ASIWYFA's Origins, Guilty Pleasures, And Memorable Moments

"The Belfast act's new EP, 'The Letters,' combines influences ranging from Fugazi to System of a Down into a unique amalgam of instrumental music that's as aggressive as it is melodic."

U2 may currently be Ireland's most famous musical export, but not if And So I Watch You From Afar have anything to say about it. "If the apocalypse is televised, these guys will provide the soundtrack," BBC Radio 1 claims. The Belfast act's new EP, 'The Letters', combines influences ranging from Fugazi to System of a Down into a unique amalgam of instrumental music that's as aggressive as it is melodic. Spinner recently caught up with guitarist Rory Friers about the band and their upcoming trip to this side of the pond. How did your band form? Tony [Wright, guitar] and Johnny [Adger, bass] had been playing together since they were kids. Likewise, Chris [Wee, drums] and me had been doing the same, and we kind of merged a few years back after our other efforts disbanded. To begin with it was just four dudes having a laugh. Then it got a bit more serious. What are your musical influences? We're a weird bunch of lads when it comes to what we listen to. It's pretty eclectic. I'm a real nerd for finding new stuff, stuff that's pushing it a little and maybe gives you a sore head the first time you play it. But we all have common ground in our love for punk and that DIY ethic.

Growing up in a small town in Northern Ireland, you had to be pretty self-sustainable to make anything happen. If you wanted to see an awesome show you had to form the band, write the tunes, put on the show and invite everyone you knew there. How did you come up with your band name? Johnny is to blame for that one. It kind of suited the noise we were making to begin with and it stuck. We're all suckers for the Orwellian world of 1984, and [the name] conjured up some cool images for us. But I think most people just presume we're stalker creeps. Which we are. I like to think of the name as a bit of a warning. What's your biggest vice? I guess I smoke too much, but that's because it makes me look cool. Other than that, we're a bit masochistic with the workload we put on ourselves. Instead of touring for two weeks, we'll do seven weeks with no days off, then give ourselves a week to write and record an EP. And our one day off will be spent writing emails all day and repacking all of our merch. We've always been a bit Stalinistic in our approach. I think we watched too many Clash DVDs when the band was forming. What's in your festival survival kit? I pack our drummer, Chris Wee. He's like my career adviser/banter machine. In addition to trusty Chris, it's got to be Wet Wipes, a double-stack boom box and more batteries than you can shake a stick at. There's nothing worse than having a ghetto blaster that doesn't work for three days.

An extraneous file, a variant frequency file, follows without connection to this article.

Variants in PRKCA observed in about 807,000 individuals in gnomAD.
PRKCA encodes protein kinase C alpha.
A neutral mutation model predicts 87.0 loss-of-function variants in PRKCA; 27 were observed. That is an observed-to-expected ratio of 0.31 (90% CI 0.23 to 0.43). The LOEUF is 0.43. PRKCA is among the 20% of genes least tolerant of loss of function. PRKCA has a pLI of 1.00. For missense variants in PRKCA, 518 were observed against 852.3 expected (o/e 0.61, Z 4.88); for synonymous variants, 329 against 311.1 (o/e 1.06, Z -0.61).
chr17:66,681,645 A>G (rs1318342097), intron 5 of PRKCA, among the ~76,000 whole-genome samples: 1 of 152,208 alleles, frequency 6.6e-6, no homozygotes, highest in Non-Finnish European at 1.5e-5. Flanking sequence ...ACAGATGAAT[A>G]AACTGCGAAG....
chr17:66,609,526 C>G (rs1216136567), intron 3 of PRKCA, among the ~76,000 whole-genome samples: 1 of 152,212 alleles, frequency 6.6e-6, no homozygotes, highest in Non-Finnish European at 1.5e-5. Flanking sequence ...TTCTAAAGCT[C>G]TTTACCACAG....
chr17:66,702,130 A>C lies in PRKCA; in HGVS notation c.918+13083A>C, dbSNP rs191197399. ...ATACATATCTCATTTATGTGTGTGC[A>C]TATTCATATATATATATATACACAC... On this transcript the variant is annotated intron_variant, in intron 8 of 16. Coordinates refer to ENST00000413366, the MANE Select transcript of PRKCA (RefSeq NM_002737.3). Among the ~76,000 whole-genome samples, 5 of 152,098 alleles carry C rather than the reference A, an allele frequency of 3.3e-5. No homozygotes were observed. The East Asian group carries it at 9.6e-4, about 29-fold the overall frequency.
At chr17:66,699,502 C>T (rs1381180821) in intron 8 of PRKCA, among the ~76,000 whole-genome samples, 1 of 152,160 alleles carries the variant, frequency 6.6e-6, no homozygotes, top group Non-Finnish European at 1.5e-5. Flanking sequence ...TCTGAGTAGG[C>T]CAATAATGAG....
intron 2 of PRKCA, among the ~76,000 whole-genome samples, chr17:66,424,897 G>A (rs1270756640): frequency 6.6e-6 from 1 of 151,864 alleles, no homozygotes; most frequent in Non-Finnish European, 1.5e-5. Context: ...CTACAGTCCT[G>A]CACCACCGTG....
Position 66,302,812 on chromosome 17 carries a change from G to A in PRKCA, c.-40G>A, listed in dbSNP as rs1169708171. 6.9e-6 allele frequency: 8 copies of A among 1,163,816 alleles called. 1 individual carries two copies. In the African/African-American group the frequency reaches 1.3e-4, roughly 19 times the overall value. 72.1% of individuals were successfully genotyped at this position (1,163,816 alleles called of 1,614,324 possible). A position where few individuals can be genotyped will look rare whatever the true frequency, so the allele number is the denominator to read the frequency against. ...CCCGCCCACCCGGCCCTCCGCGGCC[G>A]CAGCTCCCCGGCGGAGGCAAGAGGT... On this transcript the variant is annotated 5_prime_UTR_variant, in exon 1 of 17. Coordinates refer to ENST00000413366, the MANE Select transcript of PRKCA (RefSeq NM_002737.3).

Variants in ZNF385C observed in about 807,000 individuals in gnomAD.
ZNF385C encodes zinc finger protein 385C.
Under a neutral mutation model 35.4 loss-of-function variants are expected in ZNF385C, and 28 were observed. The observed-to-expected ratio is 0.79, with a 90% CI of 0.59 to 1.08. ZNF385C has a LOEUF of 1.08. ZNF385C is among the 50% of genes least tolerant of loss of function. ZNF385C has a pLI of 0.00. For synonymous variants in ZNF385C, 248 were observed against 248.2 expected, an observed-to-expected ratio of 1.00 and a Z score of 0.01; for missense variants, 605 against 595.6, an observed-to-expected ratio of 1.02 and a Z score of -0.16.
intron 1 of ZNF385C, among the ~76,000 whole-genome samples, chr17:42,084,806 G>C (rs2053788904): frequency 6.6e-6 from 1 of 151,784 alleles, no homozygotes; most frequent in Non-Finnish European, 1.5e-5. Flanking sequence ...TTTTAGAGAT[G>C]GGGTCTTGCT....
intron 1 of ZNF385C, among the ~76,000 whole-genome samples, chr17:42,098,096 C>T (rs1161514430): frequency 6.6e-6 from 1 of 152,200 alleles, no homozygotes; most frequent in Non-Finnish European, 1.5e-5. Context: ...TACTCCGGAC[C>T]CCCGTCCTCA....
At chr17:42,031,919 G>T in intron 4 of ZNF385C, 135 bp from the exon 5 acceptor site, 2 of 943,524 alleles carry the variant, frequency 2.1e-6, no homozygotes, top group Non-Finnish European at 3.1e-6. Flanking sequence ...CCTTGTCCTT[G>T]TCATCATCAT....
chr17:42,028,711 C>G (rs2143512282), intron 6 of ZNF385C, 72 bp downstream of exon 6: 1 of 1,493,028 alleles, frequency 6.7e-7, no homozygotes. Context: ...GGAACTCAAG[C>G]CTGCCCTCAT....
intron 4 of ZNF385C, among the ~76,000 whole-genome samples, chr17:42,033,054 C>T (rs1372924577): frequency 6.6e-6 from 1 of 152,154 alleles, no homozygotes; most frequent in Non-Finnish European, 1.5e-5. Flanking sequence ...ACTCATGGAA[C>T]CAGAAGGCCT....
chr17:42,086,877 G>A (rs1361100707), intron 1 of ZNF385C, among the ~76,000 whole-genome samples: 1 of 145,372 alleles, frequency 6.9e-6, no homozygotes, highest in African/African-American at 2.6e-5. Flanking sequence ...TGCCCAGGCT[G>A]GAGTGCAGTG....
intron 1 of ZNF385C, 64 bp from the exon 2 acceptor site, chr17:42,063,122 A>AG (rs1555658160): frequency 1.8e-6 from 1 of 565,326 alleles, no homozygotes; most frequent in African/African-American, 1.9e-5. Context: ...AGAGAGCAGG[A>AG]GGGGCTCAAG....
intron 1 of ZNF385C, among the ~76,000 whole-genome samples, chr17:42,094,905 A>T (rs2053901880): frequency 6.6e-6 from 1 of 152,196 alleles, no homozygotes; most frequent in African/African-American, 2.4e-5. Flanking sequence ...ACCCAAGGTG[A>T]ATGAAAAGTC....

What's your musical guilty pleasure? At the minute it's outrageously hefty dubstep. We recently ended up playing a show with Jazzsteppa, dubstep legends from Germany, and we took to the dance floor in a serious way that night. Tony threw shapes not yet seen on this side of the Atlantic. Beatles or Stones? Beatles, only because of the 'White Album'. What's the craziest thing you've seen or experienced while on tour? I'll include everything in my autobiography, but a few stand-outs of last year would be seeing a guy throw himself off a 14-foot stage during Faith No More and landing teeth-first on the security barrier. You can see it on YouTube still, I think. We also drove 36 hours straight from Leeds to the Hungarian border just to catch a band we liked at a festival, but we missed them and had to sleep in the van for another 10 hours before we could get in the gates. The police came at 6AM and took us to the station and fined us, but then we saw Fred Durst and it was all OK. What's your most memorable show? Probably our performance at Pukkelpop last year. We were first on and had wagered a few bets on attendance, the highest estimate being 500 heads. Half an hour later we walked onstage to the huge roar of 4,500 people, which was amazing. Of course our shows at home were incredible last year, too -- our album launch, then our Christmas show in the Ulster Hall to well over a thousand people. That was a childhood dream right there.

- Jonah Bayer, Spinner Music